State of the Union Address in the US: When the Web Makes Better TV than TV Itself
This year, Barack Obama broke with tradition regarding the preparation of his annual State of the Union address, which the New York Times qualifies as a classic old-media event. After having lifted the embargo on the address’ content by making it available to the entire planet through Medium more than one hour before the scheduled live TV broadcast, he offered much more to internet users and took full advantage of online distribution possibilities.
Medium’s team identified four types of audiences for this important political event, i.e., the TV Watcher, the Two Screens (television + computer/mobile/tablet), the Livestreamer (enhanced online experience only) and the Social Consumer—thought to follow the event mainly via social networks.
Livestreamers are without a doubt those who lived the most innovative experience. Whereas through television, the American public was served a highly conventional version of the political address, the video live-streamed directly on YouTube was complemented by the addition of 127 graphics, statistics and infographics supporting President Obama’s discourse. Calls to share the enhanced online experience were launched everywhere thanks namely to the quote images created during the address.
A total of 1,575,475 tweets and retweets using the official #SOTU hashtag were published (2.6 million if all social conversations including those without the hashtag are taken into account). That’s up by 25% compared to 2014. Moreover, the White House’s Twitter account registered ten times more followers than during the course of a normal day. Finally, half of the citizens who watched the enhanced version of the address did so from a mobile device. The TV content online and mobile experiences were augmented to inform the average American of ‘what’s in it for him’ during Obama’s speech. It’s a resolutely modern approach designed to reach younger audiences.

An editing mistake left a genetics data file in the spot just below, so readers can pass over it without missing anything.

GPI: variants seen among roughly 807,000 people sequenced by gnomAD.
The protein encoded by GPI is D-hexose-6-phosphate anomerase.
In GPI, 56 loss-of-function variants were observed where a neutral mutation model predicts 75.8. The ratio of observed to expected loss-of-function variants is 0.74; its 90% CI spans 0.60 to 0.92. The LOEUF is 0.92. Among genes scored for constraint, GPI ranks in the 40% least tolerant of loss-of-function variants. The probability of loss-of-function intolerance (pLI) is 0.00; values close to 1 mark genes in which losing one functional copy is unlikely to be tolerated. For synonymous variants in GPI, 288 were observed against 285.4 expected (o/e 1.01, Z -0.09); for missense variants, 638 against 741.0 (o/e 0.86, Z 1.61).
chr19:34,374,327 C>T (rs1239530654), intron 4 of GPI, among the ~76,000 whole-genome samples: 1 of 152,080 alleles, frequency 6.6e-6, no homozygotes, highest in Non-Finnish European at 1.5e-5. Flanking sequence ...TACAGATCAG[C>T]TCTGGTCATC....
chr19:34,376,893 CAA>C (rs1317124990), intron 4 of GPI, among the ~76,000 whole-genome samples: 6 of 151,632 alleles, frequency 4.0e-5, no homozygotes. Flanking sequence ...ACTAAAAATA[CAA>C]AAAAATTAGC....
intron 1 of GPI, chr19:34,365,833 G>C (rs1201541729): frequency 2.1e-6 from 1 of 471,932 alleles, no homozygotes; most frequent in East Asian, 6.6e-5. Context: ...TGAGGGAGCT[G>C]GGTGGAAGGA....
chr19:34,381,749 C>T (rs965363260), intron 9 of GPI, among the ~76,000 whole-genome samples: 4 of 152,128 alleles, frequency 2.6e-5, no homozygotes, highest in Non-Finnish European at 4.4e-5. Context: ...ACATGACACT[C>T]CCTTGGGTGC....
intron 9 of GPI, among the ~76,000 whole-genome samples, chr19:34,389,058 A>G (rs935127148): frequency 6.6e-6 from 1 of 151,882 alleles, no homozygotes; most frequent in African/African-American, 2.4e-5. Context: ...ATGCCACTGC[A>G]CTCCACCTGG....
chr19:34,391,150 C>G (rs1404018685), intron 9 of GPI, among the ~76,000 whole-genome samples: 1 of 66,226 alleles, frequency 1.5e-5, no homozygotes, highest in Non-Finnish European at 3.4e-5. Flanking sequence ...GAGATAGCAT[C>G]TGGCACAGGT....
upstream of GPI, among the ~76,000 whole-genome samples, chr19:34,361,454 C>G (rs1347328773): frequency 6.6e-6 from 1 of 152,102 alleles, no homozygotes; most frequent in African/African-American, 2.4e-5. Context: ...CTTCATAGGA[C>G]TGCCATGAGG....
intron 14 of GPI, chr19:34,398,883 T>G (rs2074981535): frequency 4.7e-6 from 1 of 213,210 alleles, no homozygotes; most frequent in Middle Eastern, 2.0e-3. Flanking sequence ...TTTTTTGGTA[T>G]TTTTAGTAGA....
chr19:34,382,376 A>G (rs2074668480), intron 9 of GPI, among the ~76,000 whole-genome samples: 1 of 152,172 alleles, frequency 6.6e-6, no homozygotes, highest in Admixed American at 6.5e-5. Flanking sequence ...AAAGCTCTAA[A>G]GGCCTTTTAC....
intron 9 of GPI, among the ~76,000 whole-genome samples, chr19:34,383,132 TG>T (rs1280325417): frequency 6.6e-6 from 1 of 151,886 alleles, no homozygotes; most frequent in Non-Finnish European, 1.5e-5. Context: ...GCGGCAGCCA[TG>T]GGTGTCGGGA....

Whereas 3.7 million people sat down in front of the TV to watch the address compared to 1.2 million who got online to view the enhanced version, a clear trend has been taking form with respect to SOTU viewing: television audiences are decreasing whereas live-streaming watching on the Web and social network sharing are skyrocketing. One could also think that this is an offensive launched by the president’s team to disseminate the address throughout the world and give an international scope to the United States’ political agenda.
Also in the wake of the State of the Union address, Barack Obama’s communications team—very aware of the web’s star system—invited three popular YouTubers to conduct exclusive interviews with the president at the White House. Titled #YouTubeAsksObama, the initiative gave a younger public the opportunity to question the American president on issues that concern them through their favourite vlogger.
Up to recently, the public relations marathon surrounding the State of the Union address consisted of inviting selected journalists to the White House and sending the president out on a talkshow tour to meet with different audiences. In 2015, the web is a must for any communication strategy if the goal is to convey the message effectively to younger electors.
“To not have an aggressive social media strategy in 2015 would be the equivalent of not having an aggressive TV strategy in the 1950s.” – Dan Pfeiffer, President Obama’s senior adviser
By understanding how to efficiently use the new communication channels, politicians will successfully win over the hearts of a new generation of electors. In 2015, any distribution strategy must systematically include an online pane. No longer is the web a secondary window or an afterthought. In this regard, the most highly talented digital strategists such as those working for Barack Obama are paving the way.
In the case of the 2015 State of the Union address, one could argue that the web made better TV than TV itself.
This post was inspired by a conference given by Catalina Briceno and Gabrielle Madé at a Femmes du cinéma, de la télévision et des médias numériques members breakfast.